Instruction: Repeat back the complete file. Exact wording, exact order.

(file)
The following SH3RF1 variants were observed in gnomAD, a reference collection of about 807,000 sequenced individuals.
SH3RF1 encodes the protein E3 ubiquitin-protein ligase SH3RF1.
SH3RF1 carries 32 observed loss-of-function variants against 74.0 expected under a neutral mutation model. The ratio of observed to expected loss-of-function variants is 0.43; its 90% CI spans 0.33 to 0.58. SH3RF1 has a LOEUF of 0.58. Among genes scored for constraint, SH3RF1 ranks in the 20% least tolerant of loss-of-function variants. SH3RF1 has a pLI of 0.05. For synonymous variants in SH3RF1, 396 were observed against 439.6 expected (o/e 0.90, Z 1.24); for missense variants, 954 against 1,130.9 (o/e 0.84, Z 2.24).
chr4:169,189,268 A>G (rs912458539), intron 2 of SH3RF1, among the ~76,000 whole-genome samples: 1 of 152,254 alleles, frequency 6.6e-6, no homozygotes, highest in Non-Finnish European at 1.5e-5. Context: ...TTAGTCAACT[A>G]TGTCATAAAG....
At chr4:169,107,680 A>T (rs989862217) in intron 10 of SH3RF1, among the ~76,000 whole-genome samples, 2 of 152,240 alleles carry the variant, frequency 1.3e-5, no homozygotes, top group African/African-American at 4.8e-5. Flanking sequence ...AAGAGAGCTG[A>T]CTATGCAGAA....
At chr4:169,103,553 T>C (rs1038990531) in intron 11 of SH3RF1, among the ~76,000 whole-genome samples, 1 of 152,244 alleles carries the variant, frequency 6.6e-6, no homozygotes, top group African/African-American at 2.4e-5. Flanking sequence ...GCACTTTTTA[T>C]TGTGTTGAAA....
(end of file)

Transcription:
The following SH3RF1 variants were observed in gnomAD, a reference collection of about 807,000 sequenced individuals.
SH3RF1 encodes the protein E3 ubiquitin-protein ligase SH3RF1.
SH3RF1 carries 32 observed loss-of-function variants against 74.0 expected under a neutral mutation model. The ratio of observed to expected loss-of-function variants is 0.43; its 90% CI spans 0.33 to 0.58. SH3RF1 has a LOEUF of 0.58. Among genes scored for constraint, SH3RF1 ranks in the 20% least tolerant of loss-of-function variants. SH3RF1 has a pLI of 0.05. For synonymous variants in SH3RF1, 396 were observed against 439.6 expected (o/e 0.90, Z 1.24); for missense variants, 954 against 1,130.9 (o/e 0.84, Z 2.24).
chr4:169,189,268 A>G (rs912458539), intron 2 of SH3RF1, among the ~76,000 whole-genome samples: 1 of 152,254 alleles, frequency 6.6e-6, no homozygotes, highest in Non-Finnish European at 1.5e-5. Context: ...TTAGTCAACT[A>G]TGTCATAAAG....
At chr4:169,107,680 A>T (rs989862217) in intron 10 of SH3RF1, among the ~76,000 whole-genome samples, 2 of 152,240 alleles carry the variant, frequency 1.3e-5, no homozygotes, top group African/African-American at 4.8e-5. Flanking sequence ...AAGAGAGCTG[A>T]CTATGCAGAA....
At chr4:169,103,553 T>C (rs1038990531) in intron 11 of SH3RF1, among the ~76,000 whole-genome samples, 1 of 152,244 alleles carries the variant, frequency 6.6e-6, no homozygotes, top group African/African-American at 2.4e-5. Flanking sequence ...GCACTTTTTA[T>C]TGTGTTGAAA....